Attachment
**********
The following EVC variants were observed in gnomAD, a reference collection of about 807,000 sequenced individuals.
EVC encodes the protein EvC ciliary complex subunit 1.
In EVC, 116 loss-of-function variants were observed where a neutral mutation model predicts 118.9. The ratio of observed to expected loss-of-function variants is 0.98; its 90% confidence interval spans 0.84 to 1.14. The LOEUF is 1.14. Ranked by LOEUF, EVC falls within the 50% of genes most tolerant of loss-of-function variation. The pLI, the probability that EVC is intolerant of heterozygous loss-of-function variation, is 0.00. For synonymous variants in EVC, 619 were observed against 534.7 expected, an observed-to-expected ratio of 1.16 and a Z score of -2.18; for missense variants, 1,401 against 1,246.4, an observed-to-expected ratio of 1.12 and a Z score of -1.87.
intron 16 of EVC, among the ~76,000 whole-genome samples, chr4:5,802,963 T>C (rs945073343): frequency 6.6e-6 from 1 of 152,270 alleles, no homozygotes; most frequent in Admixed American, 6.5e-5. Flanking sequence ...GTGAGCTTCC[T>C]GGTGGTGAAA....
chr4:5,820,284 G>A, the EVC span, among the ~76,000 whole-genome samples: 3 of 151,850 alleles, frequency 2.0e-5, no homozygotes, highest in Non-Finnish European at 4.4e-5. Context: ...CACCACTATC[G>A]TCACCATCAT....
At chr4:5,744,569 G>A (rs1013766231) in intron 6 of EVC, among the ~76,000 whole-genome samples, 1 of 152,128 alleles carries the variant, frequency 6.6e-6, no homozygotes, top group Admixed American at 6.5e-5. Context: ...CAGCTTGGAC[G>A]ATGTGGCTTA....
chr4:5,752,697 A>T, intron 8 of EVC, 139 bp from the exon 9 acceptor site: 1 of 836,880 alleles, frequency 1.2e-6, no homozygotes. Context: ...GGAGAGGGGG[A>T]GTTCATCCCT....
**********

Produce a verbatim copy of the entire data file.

The following EVC variants were observed in gnomAD, a reference collection of about 807,000 sequenced individuals.
EVC encodes the protein EvC ciliary complex subunit 1.
In EVC, 116 loss-of-function variants were observed where a neutral mutation model predicts 118.9. The ratio of observed to expected loss-of-function variants is 0.98; its 90% confidence interval spans 0.84 to 1.14. The LOEUF is 1.14. Ranked by LOEUF, EVC falls within the 50% of genes most tolerant of loss-of-function variation. The pLI, the probability that EVC is intolerant of heterozygous loss-of-function variation, is 0.00. For synonymous variants in EVC, 619 were observed against 534.7 expected, an observed-to-expected ratio of 1.16 and a Z score of -2.18; for missense variants, 1,401 against 1,246.4, an observed-to-expected ratio of 1.12 and a Z score of -1.87.
intron 16 of EVC, among the ~76,000 whole-genome samples, chr4:5,802,963 T>C (rs945073343): frequency 6.6e-6 from 1 of 152,270 alleles, no homozygotes; most frequent in Admixed American, 6.5e-5. Flanking sequence ...GTGAGCTTCC[T>C]GGTGGTGAAA....
chr4:5,820,284 G>A, the EVC span, among the ~76,000 whole-genome samples: 3 of 151,850 alleles, frequency 2.0e-5, no homozygotes, highest in Non-Finnish European at 4.4e-5. Context: ...CACCACTATC[G>A]TCACCATCAT....
At chr4:5,744,569 G>A (rs1013766231) in intron 6 of EVC, among the ~76,000 whole-genome samples, 1 of 152,128 alleles carries the variant, frequency 6.6e-6, no homozygotes, top group Admixed American at 6.5e-5. Context: ...CAGCTTGGAC[G>A]ATGTGGCTTA....
chr4:5,752,697 A>T, intron 8 of EVC, 139 bp from the exon 9 acceptor site: 1 of 836,880 alleles, frequency 1.2e-6, no homozygotes. Context: ...GGAGAGGGGG[A>T]GTTCATCCCT....